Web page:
Dissuading Iran from developing nuclear weapons faces major obstacles, but it's too soon to give up trying as it may still be possible to influence the outcome of Iran's internal political debate.
Former U.S. Secretary of Defense Donald H. Rumsfeld made significant changes to the selection process for senior U.S. military officers with the goal of fostering a more long-term, holistic, and strategic approach.
Bin Laden was chairman of the board, not CEO, using his moral authority to urge his tiny army forward, pointing out new ways to kill Americans, encouraging followers to think outside the typical terrorist playbook, writes Brian Michael Jenkins.
Up to 18 percent of Hawaii's economy can be linked to spending by the U.S. Department of Defense — an average of $6.5 billion per year during fiscal years 2007-2009. Of that, $4.1 billion was for personnel and $2.4 billion for the purchase of goods and services in Hawaii.
Not only would the delivery of quality behavioral care prevent suicides, but it would also aid in the recovery of the nearly 20 percent of service members with post-traumatic stress disorder or depression, writes Rajeev Ramchand.
Even after the death of Osama bin Laden, al Qa'ida and allied groups continue to present a grave threat to the United States and its allies by overseeing and encouraging terrorist operations, managing a robust propaganda campaign, conducting training, and facilitating financial assistance.
Israel's disappointing performance in its war against Hezbollah in Lebanon in 2006 did not reflect a "failure of air power," but rather a failure of Israel's political and military leaders to properly assess the enemy, set achievable goals, apply an effective strategy and adequately manage public expectations.
Wary of communicating with each other and with al Qaeda's field commands, al Qaeda central could become more isolated, more dependent on its affiliates, allied groups, and individual acolytes, writes Brian Michael Jenkins.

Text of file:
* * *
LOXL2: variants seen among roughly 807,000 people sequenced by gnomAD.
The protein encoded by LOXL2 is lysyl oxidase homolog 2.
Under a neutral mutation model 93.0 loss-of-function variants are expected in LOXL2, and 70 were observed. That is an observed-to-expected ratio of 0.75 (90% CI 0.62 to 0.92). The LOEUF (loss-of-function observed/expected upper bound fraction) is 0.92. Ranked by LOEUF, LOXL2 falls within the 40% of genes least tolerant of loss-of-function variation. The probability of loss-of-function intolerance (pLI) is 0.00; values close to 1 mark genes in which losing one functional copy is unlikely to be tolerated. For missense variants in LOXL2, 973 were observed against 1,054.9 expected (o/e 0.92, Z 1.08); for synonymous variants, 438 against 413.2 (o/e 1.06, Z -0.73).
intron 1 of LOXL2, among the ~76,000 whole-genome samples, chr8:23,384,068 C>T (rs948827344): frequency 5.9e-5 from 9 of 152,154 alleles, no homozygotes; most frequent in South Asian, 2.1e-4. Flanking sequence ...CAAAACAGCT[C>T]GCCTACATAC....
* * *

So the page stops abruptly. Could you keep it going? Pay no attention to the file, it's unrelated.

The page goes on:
In this May 2011 Congressional Briefing, behavioral scientist Rajeev Ramchand presents RAND research and analysis on recent increases in suicides among members of the U.S. military.
A truly monumental attack that could cripple key U.S. computer systems — something akin to the Stuxnet worms attack on Iran's nuclear infrastructure, for example — would take many months of planning, significant expertise, and a great deal of money to pull off, writes Isaac Porche.
In a PBS NewsHour interview, Jeffrey Brown speaks with Seth Jones of the RAND Corporation and Celeste Ward Gventer of the University of Texas at Austin about how Osama bin Laden's death might influence the withdrawal of U.S. and coalition forces from Afghanistan.
Brian Michael Jenkins, senior adviser at the RAND Corporation, spoke with RAND media relations director Jeffrey Hiday about the death of Osama bin Laden and how it might affect al Qaeda, the relationship between the U.S. and Pakistan, and more.
What's needed is an international conference of all the regional players that have a greater stake in the outcome of the Afghan/Pakistan conflict than does the U.S., writes David Aaron.
In many cases, idealism and realism conflict, as evidenced by U.S. military interventions over the past four decades, writes Harold Brown.
Describes the full range of research products and services that RAND Arroyo Center provided to the Army leadership in FY 2010, including projects, quick-response studies, peer-reviewed publications, and the analytic training of Army officers.
Passwords are proving less and less capable of protecting computer systems from abuse. Multifactor authentication (MFA) — which combines something you know (e.g., a PIN), something you have (e.g., a token), and/or something you are (e.g., a fingerprint) — is increasingly being required. This report investigates why organizations choose to adopt or not adopt MFA — and where they choose to use it.
Army children whose parents have deployed 19 months or more since 2001 score lower on standardized tests than other Army children whose parents have deployed for shorter periods of time.
The U.S. government is historically adept at tactics, but what President Obama needs are more people with a broader perspective. That includes engaging outsiders with a solid background in the Middle East, writes Robert E. Hunter.
RAND Corporation experts on a variety of issues related to disaster response and recovery are available for interviews relating to the earthquake, tsunami, and nuclear crises in Japan.
The question, then, is whether stopping the fighting—which could also require forcibly removing Qaddafi—is worth the price of deep military engagement and responsibility for Libya's postwar future, writes Robert E. Hunter.